Normally, I try not to spotlight the same author multiple times in a row on Down the Stacks, but when I went to return Home from the Sea to the library I saw this week’s book, A Study in Sable, by Mercedes Lackey, on the New Books display and I couldn’t resist.
Monday, September 12, 2016
It’s time for a Mercedes Lackey book again here on Down the Stacks. Unlike my previous reviews of Lackey novels, I’ll be focusing on one particular book rather than just providing an overview of an entire series. This week’s selection, Home from the Sea comes from the “Elemental Masters” series, which is set in the early 20th century, primarily in England, and contains loosely connected tales of mages hidden among every level of society and can command one of the four classical elements - Fire, Water, Earth, and Air - along with a host of hidden Elemental and airy creatures. Each Elemental Masters book can stand alone, but a couple of sub-series involving recurring characters have emerged, and Home from the Sea belong to one of those.
Monday, September 5, 2016
It occurs to me that I haven’t established any metrics or official expectations that I hold books to on Down the Stacks. Time to fix that.
What does C.T. Vulpin expect from a book? What makes a book “good” in my opinion?
Monday, August 29, 2016
Wednesday, August 24, 2016
Monday, August 8, 2016
Monday, August 1, 2016
Taking another break from “Down the Stacks” this week. Instead, this week’s review post is going to be a series of mini-reviews of webcomics that I follow. For each comic, I’ll provide a link, a brief synopsis, and why I include the comic on my too-read list.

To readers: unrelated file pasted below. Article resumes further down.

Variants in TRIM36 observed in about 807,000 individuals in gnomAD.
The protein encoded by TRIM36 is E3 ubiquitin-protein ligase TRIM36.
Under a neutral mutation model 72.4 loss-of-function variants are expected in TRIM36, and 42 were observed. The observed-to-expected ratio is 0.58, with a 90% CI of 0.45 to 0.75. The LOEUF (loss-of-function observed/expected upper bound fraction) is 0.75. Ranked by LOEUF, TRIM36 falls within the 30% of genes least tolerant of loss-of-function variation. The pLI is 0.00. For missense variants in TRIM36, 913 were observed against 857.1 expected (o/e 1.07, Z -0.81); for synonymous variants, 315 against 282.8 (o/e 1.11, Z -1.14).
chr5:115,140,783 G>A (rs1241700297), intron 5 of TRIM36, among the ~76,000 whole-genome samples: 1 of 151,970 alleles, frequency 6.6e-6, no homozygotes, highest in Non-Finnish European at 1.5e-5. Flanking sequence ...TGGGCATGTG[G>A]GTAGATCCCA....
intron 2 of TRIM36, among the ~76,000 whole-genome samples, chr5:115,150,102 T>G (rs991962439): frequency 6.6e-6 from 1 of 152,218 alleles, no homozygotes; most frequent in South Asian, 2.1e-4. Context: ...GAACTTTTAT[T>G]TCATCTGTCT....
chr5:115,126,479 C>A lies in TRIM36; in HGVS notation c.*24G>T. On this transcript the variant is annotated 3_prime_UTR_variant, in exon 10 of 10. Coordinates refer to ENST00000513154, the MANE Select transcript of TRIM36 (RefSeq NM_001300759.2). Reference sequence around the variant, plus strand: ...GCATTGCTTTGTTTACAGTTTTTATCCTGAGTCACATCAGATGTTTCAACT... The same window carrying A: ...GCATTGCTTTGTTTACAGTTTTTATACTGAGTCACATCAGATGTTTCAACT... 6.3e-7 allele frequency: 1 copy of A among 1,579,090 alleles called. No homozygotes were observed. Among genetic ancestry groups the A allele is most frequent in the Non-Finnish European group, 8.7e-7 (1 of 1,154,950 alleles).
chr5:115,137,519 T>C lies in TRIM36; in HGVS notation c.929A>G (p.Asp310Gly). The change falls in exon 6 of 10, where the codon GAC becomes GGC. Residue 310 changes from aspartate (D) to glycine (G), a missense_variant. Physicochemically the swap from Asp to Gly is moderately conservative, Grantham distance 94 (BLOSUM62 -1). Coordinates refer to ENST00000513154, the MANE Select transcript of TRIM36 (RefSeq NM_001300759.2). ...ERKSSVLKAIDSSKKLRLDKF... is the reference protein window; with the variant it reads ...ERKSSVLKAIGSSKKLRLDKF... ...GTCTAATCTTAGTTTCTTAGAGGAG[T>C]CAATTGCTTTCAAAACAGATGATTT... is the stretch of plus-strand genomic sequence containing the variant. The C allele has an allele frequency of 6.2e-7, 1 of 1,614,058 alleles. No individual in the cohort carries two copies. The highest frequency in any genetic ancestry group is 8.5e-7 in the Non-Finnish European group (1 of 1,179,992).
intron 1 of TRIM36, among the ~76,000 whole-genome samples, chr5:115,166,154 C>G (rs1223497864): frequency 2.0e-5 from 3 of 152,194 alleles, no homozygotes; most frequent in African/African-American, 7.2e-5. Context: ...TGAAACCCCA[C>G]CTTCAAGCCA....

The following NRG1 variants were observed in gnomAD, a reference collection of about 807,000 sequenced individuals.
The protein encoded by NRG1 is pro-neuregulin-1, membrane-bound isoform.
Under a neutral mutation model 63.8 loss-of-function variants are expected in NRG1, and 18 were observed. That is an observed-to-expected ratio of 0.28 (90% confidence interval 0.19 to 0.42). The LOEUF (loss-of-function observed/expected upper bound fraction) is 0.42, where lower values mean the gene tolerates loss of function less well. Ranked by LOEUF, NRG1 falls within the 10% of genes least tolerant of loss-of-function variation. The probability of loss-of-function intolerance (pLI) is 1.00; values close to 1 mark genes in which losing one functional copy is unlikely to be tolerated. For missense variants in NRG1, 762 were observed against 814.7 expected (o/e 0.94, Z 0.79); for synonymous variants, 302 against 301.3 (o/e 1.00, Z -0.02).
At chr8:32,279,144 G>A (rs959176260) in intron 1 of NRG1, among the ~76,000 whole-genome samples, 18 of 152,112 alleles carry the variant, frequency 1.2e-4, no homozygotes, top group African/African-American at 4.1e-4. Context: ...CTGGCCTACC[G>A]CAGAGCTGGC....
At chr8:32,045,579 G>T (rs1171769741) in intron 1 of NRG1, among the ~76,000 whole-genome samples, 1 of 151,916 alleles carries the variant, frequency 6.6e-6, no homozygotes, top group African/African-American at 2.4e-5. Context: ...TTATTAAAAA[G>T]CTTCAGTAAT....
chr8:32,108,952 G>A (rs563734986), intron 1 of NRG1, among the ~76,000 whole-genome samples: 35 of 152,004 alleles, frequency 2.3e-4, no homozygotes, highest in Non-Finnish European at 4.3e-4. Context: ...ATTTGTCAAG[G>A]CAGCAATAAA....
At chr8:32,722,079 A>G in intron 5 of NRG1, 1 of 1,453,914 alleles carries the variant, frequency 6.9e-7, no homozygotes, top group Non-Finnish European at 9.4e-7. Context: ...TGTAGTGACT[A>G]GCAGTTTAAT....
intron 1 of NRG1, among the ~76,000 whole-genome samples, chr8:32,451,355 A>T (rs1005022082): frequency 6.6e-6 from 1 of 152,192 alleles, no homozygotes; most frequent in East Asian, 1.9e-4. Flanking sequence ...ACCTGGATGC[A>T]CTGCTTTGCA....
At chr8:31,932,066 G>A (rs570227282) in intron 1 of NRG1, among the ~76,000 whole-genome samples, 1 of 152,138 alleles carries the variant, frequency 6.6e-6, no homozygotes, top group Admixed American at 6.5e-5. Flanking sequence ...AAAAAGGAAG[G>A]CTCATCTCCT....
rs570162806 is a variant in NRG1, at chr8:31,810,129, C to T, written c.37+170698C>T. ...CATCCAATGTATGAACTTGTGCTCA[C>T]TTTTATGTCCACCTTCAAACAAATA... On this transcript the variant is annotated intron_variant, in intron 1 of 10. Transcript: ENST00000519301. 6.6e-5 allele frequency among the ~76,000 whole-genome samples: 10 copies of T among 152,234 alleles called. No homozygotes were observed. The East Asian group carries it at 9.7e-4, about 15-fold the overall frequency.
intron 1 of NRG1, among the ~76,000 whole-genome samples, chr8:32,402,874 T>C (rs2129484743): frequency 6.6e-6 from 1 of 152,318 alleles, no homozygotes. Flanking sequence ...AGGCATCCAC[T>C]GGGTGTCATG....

Wednesday, July 27, 2016
Monday, July 18, 2016
Normally, I draw material for Down the Stacks from my local library, and I have yet to review a graphic novel. This week, things are different. I was at Barnes & Noble and noticed something on one of the “special feature” tables: the name Brandon Sanderson printed across the top of a graphic novel called White Sand. Considering my moderate obsession with Brandon Sanderson and his Cosmere, it should come as no surprise that I picked that book up without a second thought, nor that I’m about to gush about it for this week’s Down the Stacks.
Monday, July 11, 2016
Tuesday, July 5, 2016
This week on Down the Stacks, we’ll be hitting up a dark, urban fantasy set in an alternate history plagued by the undead and desperately short on optimism: Unholy Ghosts by Stacia Kane.
Monday, June 27, 2016
This week, for the thirtieth entry of Down the Stacks, I will be looking at one of my top favorite series: The Dresden Files by Jim Butcher. I’ve previously looked at another o butcher’s projects, The Codex Alera, but The Dresden Files is a completely different beast. Dresden is bigger, longer, and a bit darker than Alera, and it’s the series that Butcher has put the majority of his lie into. The Dresden Files is a supernatural mystery series set in a world where just about any myth and fairy tale is true or has a kernel of truth to it.
Wednesday, June 15, 2016
It is hard to determine where to begin a story, because a “beginning” is rather arbitrary when you get down to it. Every new beginning comes from some other beginning’s end, to quote a song line that seems to echo across the multiverse, and don’t things make more sense when we see what events led up to them? But those events are born from earlier events, and those are responses to even earlier stimuli. Even Creation itself has a beginning in the hands of a Creator hailing from an earlier Creation. Get back that far, however, and time loses meaning and the stories become just one eternal round, the same thing again and again. There are variations, of course, but nothing that truly alters the cycle. Not to mention, the thing you meant to tell in the first place becomes lost, too small a detail to notice.